DALLAS — A former employee at Parkland Health and Hospital System in Dallas (Parkland), Viju Mathew, and his wife, Mariamma Viju, a registered nurse who worked at Baylor University Medical at Dallas (Baylor), who pleaded guilty to federal charges stemming from their theft/unlawfully obtaining patient identification information, were sentenced today by U.S. District Judge Jane J. Boyle, announced U.S. Attorney John Parker of the Northern District of Texas.
Viju Mathew, 52, and his wife, Mariamma Viju, also 52, were sentenced to 30 months imprisonment and ordered to pay $297,957.89 in restitution to Medicare. Mathew pleaded guilty in November 2014 to one count of fraud and related activity in connection with identification documents, authentication features and information (identity theft) and Viju pleaded guilty in May 2016 to one count of wrongful disclosure of individually identifiable health information (HIPAA violation). Both defendants reside in Garland, Texas. Judge Boyle ordered they surrender to the Bureau of Prisons on August 30, 2017.
According to plea documents filed in the cases and the evidence produced during the sentencing hearing, which spanned four days, Mathew and Viju both stole patient identities from their jobs at local hospitals and used the stolen patient information to solicit patients for the home health care agency they jointly owned and operated, Dallas Home Health. Mathew worked as a registration specialist at Parkland, where he was responsible for entering patient information into Parkland’s computer system. Mathew used his position to obtain confidential information for more than 3,000 patients, including patients’ names, telephone numbers, dates of birth, participation in the Medicare program, and government-issued health insurance claim numbers. Mathew admitted that he knowingly removed the confidential information intending to use it to gain an economic benefit by contacting prospective patients for his home health care business, Dallas Home Health.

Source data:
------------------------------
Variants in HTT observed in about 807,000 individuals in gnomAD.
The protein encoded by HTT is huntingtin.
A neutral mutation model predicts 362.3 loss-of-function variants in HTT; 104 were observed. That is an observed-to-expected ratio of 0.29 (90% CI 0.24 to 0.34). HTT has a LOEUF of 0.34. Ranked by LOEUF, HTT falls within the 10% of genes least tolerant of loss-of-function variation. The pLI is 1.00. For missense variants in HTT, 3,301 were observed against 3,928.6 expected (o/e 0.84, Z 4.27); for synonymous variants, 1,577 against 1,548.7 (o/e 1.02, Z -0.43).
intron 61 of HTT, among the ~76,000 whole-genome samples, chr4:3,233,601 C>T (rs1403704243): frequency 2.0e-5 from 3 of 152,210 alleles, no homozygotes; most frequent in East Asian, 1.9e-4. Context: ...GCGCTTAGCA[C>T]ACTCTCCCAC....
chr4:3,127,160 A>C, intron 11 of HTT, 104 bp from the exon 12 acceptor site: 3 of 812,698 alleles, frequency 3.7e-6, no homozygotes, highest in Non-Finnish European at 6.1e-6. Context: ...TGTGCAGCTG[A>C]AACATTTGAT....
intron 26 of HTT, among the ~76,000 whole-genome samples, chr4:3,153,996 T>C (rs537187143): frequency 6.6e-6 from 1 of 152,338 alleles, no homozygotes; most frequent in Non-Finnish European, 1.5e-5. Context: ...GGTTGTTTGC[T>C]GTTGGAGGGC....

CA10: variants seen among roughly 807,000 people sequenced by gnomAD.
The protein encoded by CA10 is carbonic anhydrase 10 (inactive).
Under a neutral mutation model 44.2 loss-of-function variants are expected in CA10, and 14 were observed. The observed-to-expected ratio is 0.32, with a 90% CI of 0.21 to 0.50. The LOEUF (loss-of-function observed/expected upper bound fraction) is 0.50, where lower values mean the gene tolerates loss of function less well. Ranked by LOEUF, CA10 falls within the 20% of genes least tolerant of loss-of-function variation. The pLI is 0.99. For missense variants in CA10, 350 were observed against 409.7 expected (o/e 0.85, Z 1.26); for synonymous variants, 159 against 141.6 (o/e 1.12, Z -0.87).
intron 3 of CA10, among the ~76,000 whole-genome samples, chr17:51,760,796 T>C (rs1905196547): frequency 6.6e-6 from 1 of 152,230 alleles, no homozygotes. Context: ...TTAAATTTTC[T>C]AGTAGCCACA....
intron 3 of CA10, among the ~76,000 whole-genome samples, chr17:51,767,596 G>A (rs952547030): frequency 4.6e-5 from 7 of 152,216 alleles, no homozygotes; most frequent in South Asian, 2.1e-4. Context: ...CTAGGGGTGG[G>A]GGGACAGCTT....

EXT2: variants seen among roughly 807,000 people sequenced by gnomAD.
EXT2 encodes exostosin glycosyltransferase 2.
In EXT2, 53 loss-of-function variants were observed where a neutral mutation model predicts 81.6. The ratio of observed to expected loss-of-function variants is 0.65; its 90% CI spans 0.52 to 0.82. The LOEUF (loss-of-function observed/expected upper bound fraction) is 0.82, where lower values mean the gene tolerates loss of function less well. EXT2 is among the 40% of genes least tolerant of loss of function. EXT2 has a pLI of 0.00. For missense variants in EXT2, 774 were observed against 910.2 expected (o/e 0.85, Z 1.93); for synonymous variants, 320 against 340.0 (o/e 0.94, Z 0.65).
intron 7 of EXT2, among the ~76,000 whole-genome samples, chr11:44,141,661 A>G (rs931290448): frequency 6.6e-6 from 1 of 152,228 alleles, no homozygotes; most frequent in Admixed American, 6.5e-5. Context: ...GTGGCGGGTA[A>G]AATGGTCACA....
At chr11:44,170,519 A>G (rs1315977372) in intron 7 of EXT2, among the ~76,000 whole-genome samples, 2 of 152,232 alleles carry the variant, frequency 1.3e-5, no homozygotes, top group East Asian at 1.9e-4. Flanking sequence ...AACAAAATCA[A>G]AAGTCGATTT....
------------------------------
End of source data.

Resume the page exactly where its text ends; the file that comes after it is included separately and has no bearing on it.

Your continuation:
Viju worked as a registered nurse at Baylor until she was terminated in October 2012. While employed at Baylor, she surreptitiously collected Baylor patient identification information, specifically, identifying health information, to recruit them as patients of Dallas Home Health, where she served as Director of Nursing.
The evidence also showed that Dallas Home Health obtained patient certifications from a number of doctors who have been convicted or charged in other health care fraud cases in the Northern District of Texas including Nicholas Padron (Case No. 3:12-CR-310), Jacques Roy (3:12-CR-054-L), and Hector Molina (Case No. 3:15-CR-163-K).
The FBI, Department of Health and Human Services Office of Inspector General, and the Texas Attorney General’s Medicaid Fraud Control Unit investigated. Assistant U.S. Attorney Doug Brasher prosecuted the cases.
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